I LOVE BEIJING
Excerpt from the film I LOVE BEIJING, a Facets Video release. Directed by Ning Ying For more info or to order this film, visit http://www.facetsdvd.com/ ProductDetails.asp? ProductCode=DV97093 or contact sales [at] facets.org.
Facets Multi-Media is a non-profit media arts organization founded in Chicago in 1975, and dedicated to making cinema accessible to all through film preservation, distribution, presentation, and education. For more information, visit http://www.facets.org
The third film in director Ning Ying's "Beijing Trilogy," this romantic drama follows the fortunes of a young cab driver who is depressed because of a recent divorce. He turns his personality around to become a ladies man, wooing a waitress, a librarian, and then a talk-show host. Lost in the dating wars, he longs to find the love of his life in the rapidly changing city of Beijing. The trilogy is structured around different generations and their responses to the fast-paced lifestyle and rapid changes of China's capital city. While I Love Beijing focuses on the heartbreak of young love, For Fun concerns the elderly and China's disappearing traditions and cultural values, and On the Beat features middle-aged characters who can't cope with the "new China." Winner of the Don Quixote Award at the Berlin Film Festival.
Tags: Asian Cinema Chinese Cinema
Added: 2 years ago
[scene opens with Desi driving his cab down the street, when he notices a young female librarian walking and carrying a vacuum cleaner, so he slows down next to her]
DESI: [translated] Hey, do you need a ride?
[she waves him off and keeps walking, but Desi persists]
DESI: [translated] I'll give you a discount rate ... No meter!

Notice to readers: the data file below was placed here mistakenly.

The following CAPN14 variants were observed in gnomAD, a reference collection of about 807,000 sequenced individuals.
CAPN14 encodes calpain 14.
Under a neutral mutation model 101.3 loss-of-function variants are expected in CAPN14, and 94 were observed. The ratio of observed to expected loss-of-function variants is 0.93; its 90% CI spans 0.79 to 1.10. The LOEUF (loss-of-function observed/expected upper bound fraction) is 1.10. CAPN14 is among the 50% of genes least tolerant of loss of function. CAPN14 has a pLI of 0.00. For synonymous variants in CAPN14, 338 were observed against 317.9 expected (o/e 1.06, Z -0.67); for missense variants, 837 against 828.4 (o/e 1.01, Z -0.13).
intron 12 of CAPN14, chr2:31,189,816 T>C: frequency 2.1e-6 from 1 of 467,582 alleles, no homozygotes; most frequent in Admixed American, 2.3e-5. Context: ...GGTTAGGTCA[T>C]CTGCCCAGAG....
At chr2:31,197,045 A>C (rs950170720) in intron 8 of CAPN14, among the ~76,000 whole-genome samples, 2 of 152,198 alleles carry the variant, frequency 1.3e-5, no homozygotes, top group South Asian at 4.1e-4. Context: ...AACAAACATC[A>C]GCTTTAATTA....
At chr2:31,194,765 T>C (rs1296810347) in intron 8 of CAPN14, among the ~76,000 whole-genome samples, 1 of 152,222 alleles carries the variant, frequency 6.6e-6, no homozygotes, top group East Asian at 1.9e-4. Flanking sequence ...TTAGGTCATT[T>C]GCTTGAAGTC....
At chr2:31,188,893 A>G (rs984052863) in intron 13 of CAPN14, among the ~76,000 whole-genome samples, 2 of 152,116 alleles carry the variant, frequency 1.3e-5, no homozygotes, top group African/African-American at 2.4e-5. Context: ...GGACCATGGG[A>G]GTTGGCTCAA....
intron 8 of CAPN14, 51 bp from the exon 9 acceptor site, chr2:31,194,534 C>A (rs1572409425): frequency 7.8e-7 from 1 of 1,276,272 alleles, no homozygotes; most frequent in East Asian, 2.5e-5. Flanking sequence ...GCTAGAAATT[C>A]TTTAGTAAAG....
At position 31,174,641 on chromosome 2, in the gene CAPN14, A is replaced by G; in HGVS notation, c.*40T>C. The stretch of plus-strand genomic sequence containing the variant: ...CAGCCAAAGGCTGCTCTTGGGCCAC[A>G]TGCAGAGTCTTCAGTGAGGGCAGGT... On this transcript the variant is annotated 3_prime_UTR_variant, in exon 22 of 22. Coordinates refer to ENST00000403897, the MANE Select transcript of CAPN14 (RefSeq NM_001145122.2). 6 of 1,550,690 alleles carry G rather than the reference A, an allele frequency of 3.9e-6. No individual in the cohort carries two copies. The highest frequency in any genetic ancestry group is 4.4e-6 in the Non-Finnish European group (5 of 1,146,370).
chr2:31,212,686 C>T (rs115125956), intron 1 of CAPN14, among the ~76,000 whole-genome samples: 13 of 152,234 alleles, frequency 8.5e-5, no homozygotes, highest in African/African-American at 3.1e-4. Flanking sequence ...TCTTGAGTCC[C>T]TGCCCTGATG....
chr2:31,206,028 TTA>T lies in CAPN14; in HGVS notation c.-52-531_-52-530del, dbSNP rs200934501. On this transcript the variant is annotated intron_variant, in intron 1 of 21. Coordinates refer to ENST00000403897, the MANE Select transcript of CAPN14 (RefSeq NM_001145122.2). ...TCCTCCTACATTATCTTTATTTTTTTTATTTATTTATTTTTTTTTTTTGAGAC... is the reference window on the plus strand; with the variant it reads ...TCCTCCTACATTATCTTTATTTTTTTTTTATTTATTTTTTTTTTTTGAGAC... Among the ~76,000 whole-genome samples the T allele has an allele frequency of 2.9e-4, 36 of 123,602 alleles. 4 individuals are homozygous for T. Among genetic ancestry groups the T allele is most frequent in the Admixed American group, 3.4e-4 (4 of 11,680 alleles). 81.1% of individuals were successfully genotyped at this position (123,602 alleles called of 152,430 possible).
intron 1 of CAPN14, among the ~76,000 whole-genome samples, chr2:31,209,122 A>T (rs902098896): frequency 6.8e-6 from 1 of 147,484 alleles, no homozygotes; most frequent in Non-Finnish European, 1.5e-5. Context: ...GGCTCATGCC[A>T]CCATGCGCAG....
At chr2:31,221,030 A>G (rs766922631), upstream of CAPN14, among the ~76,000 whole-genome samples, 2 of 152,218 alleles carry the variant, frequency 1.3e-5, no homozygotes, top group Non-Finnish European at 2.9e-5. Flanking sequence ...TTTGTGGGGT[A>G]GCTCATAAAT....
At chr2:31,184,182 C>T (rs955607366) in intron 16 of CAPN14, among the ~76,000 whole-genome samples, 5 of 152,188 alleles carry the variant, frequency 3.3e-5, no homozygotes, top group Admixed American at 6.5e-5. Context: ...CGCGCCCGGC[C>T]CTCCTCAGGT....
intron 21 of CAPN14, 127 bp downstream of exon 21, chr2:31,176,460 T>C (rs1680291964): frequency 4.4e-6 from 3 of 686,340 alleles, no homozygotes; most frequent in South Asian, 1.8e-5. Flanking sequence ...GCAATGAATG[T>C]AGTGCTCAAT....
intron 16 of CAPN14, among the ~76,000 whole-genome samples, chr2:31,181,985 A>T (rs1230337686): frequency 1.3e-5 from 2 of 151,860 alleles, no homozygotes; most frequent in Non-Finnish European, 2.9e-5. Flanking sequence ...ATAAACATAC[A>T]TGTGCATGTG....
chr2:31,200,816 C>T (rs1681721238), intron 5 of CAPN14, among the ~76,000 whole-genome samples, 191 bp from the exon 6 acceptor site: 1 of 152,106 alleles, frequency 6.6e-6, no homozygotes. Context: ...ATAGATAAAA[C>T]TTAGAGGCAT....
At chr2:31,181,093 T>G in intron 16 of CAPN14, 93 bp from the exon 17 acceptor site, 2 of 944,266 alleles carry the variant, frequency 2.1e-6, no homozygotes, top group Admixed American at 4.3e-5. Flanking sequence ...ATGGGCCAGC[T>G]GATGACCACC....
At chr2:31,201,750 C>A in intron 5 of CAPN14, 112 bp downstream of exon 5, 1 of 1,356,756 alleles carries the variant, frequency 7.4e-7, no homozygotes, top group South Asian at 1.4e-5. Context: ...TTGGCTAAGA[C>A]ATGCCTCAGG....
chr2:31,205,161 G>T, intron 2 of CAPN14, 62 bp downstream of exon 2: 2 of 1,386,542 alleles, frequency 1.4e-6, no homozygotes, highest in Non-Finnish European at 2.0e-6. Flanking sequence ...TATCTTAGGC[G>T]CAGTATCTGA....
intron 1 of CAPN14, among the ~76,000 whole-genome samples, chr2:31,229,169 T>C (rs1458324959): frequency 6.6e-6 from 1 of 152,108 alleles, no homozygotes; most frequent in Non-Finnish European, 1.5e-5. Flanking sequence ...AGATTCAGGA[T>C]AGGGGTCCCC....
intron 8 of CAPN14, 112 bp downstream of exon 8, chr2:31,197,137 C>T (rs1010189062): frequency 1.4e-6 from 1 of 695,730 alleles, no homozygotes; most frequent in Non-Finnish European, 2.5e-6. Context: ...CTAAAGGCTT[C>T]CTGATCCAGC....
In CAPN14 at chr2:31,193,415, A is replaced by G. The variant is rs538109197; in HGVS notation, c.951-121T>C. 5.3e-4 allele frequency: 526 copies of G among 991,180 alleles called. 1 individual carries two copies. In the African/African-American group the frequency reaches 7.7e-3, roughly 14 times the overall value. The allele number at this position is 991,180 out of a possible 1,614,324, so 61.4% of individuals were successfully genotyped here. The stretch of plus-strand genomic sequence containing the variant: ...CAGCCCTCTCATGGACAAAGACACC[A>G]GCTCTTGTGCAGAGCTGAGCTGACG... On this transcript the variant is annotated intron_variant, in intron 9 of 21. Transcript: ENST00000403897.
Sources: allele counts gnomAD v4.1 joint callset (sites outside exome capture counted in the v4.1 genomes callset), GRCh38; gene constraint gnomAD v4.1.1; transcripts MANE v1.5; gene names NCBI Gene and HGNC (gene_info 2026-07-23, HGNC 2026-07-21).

[she holds up the vacuum]
LIBRARIAN: [translated] Where can I get this repaired?
DESI: [translated] There's a place just ahead.
LIBRARIAN: [translated] I can't afford your cab.
DESI: [translated] No meter, just ten yuan.
[she gets into the backseat of the cab]
LIBRARIAN: [translated] Okay, ten yuan.
[he looks down his sunglasses at her, then casually flicks down the meter on his dashboard]
LIBRARIAN: [translated] Hey! You said no meter!
[he laughs and flips it back up]
DESI: [translated] Sorry, it's just habit.
LIBRARIAN: [translated] I can't afford the meter ... I work at a library.
DESI: [translated] An intellectual? You don't look like one.
LIBRARIAN: [translated] So what do intellectuals look like?
DESI: [translated] Don't intellectuals have any money?
LIBRARIAN: [translated] No! Cabbies earn more than me.
DESI: [translated] Isn't it boring to spend all day with books? I couldn't take it.
LIBRARIAN: [translated] That's why you drive a taxi ...
DESI: [translated] But at least we make money. I don't read books, but I make a good living. If my vacuum cleaner breaks, I just buy a new one.
LIBRARIAN: [translated] Money doesn't give you the right to talk like a thug.
DESI: [translated] How shameful! An intellectual hurling insults ...
[annoyed, she looks out the window]
LIBRARIAN: [translated] I don't like your attitude.
DESI: [translated] So why let a thug take you to the repair shop?
[she leans over and gets right up next to his ear]